"Men who have sex with men (MSM) are ours sons, our fathers, our brothers, our neighbours, our teachers, our doctors, our ministers.”
So said UNAIDS Caribbean Regional Support Team (RST) Director, Dr. Ernest Massiah, at a press conference in Port of Spain, Trinidad earlier today. Hosted jointly by UNAIDS and the Foundation for AIDS Research (amfAR), the briefing was aimed at raising awareness in T&T about both glaring gaps in the national response to HIV as well as some key, new initiatives.
Massiah said that prioritising the MSM agenda in Trinidad and Tobago is in keeping with the national vision for equality as expressed by the constitution and national anthem.
“This is nothing more than living up to the ideals of this country: that we would all be equal. If you look at the last 50 years we have faced and overcome a series of struggles about the rights of people and equal participation regardless of race, colour and sex. This MSM agenda is the continuation of a struggle to ensure the rights of all people irrespective of difference," Massiah asserted.
He explained that MSM in T&T are subjected to a variety of structural barriers such as discrimination experienced in healthcare settings. These, he said, increase their HIV risk. The Caribbean Men’s Internet Survey (CARIMIS) which is underway now is meant to find out more about the degrees of risks, access and exclusion that MSM experience in each Caribbean nation. The study will help individual country programmes to respond more meaningfully to their MSM communities. Already almost 200 Trinidadians have participated in the survey. Massiah urged more men to take part.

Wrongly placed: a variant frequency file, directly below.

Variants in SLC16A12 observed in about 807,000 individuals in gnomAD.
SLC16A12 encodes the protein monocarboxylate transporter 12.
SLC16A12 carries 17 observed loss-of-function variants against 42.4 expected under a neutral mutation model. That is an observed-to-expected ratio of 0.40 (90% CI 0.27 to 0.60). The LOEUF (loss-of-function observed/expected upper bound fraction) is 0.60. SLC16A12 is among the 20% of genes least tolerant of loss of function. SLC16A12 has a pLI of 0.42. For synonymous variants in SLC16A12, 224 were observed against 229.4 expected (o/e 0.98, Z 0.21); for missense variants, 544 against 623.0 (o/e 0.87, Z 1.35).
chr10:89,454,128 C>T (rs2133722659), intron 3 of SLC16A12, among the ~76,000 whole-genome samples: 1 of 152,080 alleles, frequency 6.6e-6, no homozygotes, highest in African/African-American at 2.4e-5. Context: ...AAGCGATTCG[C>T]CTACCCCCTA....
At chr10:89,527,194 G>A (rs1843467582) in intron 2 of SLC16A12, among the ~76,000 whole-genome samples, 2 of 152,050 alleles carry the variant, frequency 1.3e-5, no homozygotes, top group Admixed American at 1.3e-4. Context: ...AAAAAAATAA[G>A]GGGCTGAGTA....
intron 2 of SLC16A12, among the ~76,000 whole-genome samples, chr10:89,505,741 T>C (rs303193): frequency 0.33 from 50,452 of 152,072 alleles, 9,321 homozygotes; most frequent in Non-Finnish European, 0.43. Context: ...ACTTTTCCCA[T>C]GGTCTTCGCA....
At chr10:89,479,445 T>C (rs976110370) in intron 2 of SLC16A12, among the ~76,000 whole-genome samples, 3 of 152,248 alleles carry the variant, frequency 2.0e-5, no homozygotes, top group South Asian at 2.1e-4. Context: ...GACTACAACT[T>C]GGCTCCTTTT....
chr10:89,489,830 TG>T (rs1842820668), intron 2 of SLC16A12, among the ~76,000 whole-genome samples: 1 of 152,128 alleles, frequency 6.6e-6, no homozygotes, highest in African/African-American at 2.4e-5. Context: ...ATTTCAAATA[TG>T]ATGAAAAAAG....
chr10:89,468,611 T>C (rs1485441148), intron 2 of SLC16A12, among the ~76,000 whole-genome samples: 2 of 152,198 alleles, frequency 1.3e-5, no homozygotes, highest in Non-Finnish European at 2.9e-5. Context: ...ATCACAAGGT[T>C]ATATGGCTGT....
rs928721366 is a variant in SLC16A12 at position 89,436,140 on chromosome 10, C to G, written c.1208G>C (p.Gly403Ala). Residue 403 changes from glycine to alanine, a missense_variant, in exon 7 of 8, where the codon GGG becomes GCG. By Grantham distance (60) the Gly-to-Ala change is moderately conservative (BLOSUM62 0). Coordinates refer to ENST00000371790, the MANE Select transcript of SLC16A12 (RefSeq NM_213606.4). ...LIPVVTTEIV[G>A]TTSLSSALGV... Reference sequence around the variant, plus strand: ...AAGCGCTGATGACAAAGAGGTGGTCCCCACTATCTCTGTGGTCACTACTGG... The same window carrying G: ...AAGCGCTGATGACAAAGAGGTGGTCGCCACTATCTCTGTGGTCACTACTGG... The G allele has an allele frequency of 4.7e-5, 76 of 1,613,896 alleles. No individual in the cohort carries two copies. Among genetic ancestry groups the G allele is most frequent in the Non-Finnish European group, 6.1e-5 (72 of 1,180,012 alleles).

Kent Klindera is Director of the MSM Initiative at amfAR, a programme that provides financial and technical support to community organisations working to reduce the spread and impact of HIV among MSM in low-and-middle income countries. Klindera explained that over the weekend amfAR met with seven regional activists in Port of Spain to decide which of 23 Caribbean applicants should be funded. In the end US$135 000 will be allocated to seven organisations. He pointed to new research which shows that globally HIV funding is not following the epidemic and that funds earmarked by PEPFAR and the Global Fund for MSM are frequently diverted. In T&T where the HIV response is funded by the government spending on MSM, sex workers and substance users amounted to less than one percent of total HIV expenditure between 2004 and 2009 according to a study by UNAIDS T&T and PAHO.
“MSM have biological vulnerabilities that put them more at risk to HIV but a lot of the structural environment creates other vulnerabilities that deny equal access," Klindera said. "There is a human rights issue. These folks are not able to access services. What amfAR is working to do with a lot of communities is to scale that work up with governments. We had a good meeting with the Ministry of Health about a study they are conducting that will finally give data on seroprevalence in Trinidad (among MSM). We make small investments into organisations so that governments and larger donors can pick up. We are catalysing something."
He also announced that two local NGOs have been recommended for funding—Friends for Life and the Coalition Advocating for Inclusion of Sexual Orientation (CAISO). CAISO Director, Colin Robinson noted that although Trinidad and Tobago’s first National Strategic Plan (NSP) on HIV/AIDs noted that there should be investments to build the capacity of MSM to participate, this mandate “has not converted into action”. Robinson stressed that responding to HIV for all classifications of people is about far more than condoms.
“It’s about looking upstream and understanding that when people are having sex that puts them at risk, there’s a whole lot more that happened before that. It’s about what community they come from, the self-esteem they bring to the transaction and their ability to say no and to negotiate,” he listed. “We can’t just look at condoms. We need to look upstream at all the other things that are happening that put people at risk.”
Caption: Luke Sinnette of Friend For Life (from left), Ernest Massiah of UNAIDS, Colin Robinson of CAISO and Kent Klindera of amfAR